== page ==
Schools show support of troops |

Schools show support of troops

by Teri Vance, Appeal Staff Writer
Alex Levine, 9, Kenny Mullis, 9, and Jessie Holmes, 10, hold up boxes of supplies their school collected to send to troops in Iraq. Students at Sutro Elementary School in Dayton collected 727 pounds of goods to send. Photo by Rick Gunn.

Area schools are finding their own way to show support of the military.

Sutro Elementary School in Dayton collected supplies to send to Iraq, Carson Middle School students donated postage money for Red Cross care packages and students at Eagle Valley Middle School made a banner for display.

Fifth-grade teacher Leslie Peters organized the drive at Sutro Elementary School after learning many students and teachers had friends and loved ones serving in the military.

“A lot of them were really concerned about what was going on,” she said. “This was a good way for them to do something positive.”

For Kenny Mullins, 9, the reasons for donating were obvious.

“They really need it,” he said. “They don’t have like shopping malls and stuff to go buy it.”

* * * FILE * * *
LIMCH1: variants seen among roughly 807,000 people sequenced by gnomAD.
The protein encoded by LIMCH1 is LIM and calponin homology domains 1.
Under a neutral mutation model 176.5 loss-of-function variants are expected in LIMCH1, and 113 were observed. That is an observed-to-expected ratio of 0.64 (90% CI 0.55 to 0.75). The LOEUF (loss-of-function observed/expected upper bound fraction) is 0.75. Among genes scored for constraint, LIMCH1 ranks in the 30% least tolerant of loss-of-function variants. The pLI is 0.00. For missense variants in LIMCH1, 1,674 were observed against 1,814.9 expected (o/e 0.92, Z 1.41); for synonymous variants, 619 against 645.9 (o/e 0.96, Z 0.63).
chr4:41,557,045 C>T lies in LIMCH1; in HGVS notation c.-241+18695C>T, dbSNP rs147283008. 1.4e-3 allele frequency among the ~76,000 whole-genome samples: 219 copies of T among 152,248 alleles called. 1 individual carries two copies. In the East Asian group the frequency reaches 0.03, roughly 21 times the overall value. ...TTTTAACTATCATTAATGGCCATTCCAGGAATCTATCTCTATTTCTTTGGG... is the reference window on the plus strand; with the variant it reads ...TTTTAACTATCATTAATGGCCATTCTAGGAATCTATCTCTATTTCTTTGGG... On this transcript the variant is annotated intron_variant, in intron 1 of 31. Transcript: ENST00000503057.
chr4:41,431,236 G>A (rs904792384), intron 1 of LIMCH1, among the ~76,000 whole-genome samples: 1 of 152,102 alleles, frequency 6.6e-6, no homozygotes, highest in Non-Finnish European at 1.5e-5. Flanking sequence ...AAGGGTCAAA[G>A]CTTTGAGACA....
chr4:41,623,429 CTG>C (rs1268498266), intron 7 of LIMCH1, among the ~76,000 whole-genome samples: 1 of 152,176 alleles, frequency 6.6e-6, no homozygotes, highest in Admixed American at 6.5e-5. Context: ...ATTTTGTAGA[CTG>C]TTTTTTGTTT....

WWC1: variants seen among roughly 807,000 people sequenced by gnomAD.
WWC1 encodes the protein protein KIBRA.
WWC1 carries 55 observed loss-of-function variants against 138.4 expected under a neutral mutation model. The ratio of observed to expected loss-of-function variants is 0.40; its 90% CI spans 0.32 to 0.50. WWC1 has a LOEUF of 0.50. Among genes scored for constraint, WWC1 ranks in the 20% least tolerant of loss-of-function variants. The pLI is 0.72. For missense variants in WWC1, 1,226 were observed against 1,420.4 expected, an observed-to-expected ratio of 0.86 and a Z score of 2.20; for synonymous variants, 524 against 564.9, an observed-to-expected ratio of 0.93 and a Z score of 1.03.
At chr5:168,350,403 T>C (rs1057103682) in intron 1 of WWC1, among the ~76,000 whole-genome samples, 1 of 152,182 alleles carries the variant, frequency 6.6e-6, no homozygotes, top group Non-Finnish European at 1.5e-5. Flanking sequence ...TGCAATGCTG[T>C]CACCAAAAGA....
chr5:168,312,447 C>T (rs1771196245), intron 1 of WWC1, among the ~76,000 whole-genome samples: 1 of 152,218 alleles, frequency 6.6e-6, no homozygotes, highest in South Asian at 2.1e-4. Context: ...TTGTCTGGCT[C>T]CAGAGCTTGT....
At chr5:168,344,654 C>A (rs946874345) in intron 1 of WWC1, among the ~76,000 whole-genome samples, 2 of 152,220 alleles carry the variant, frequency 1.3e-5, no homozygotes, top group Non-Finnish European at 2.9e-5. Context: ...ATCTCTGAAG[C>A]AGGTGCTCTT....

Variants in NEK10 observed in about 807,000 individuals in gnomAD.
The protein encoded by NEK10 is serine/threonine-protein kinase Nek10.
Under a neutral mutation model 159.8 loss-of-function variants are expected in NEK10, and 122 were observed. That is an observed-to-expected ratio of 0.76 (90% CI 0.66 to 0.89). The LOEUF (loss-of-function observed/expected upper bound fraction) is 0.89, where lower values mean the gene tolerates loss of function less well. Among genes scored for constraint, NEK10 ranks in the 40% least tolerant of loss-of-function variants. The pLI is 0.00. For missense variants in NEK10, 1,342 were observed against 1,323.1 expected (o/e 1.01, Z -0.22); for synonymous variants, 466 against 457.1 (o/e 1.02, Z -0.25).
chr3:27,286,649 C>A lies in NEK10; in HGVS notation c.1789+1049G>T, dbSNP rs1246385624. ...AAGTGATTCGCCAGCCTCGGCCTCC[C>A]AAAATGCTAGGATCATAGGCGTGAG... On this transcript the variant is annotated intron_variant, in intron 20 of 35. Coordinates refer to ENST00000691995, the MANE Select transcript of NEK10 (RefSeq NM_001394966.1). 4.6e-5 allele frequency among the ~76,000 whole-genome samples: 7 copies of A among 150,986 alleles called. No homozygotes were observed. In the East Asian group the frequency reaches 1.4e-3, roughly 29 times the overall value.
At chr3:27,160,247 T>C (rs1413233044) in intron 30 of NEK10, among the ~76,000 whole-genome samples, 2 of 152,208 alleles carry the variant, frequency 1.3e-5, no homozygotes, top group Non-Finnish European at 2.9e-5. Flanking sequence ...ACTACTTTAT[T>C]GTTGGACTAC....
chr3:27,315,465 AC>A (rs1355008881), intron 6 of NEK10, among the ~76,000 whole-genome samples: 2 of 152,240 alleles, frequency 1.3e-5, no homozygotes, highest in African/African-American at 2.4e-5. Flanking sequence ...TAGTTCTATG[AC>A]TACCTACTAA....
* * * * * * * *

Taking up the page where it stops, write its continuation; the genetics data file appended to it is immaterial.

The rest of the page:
Jessie Holmes, 10, dedicated her extra time to help her teacher organize the packages.

“Me and Ms. Peters organized soap and toothpaste into boxes, then everything else into boxes,” she explained.

Students from Carson Middle School may help the care packages get to the troops.

Social studies teacher Jean Spell organized a fund-raiser to help the Red Cross pay shipping costs.

“We’d been talking about the soldiers and the kids wanted to do something,” Spell said. “They were the ones who suggested we do something to show their support of the troops. They were really excited about this.”

The students brought in more than $500.

Eagle Valley Middle School students are displaying their support in the front entrance of their school.

Julie Reid, a social studies teacher, decided to create a banner with the names of family members and loved ones serving in the armed forces.

Fast Signs agreed to make the banner at a reduced cost.

She expected to have about 60 names but collected 180.

“They’re very proud of the people who are serving but at the same time they’re pretty nervous,” she said. “It was just something to show support.”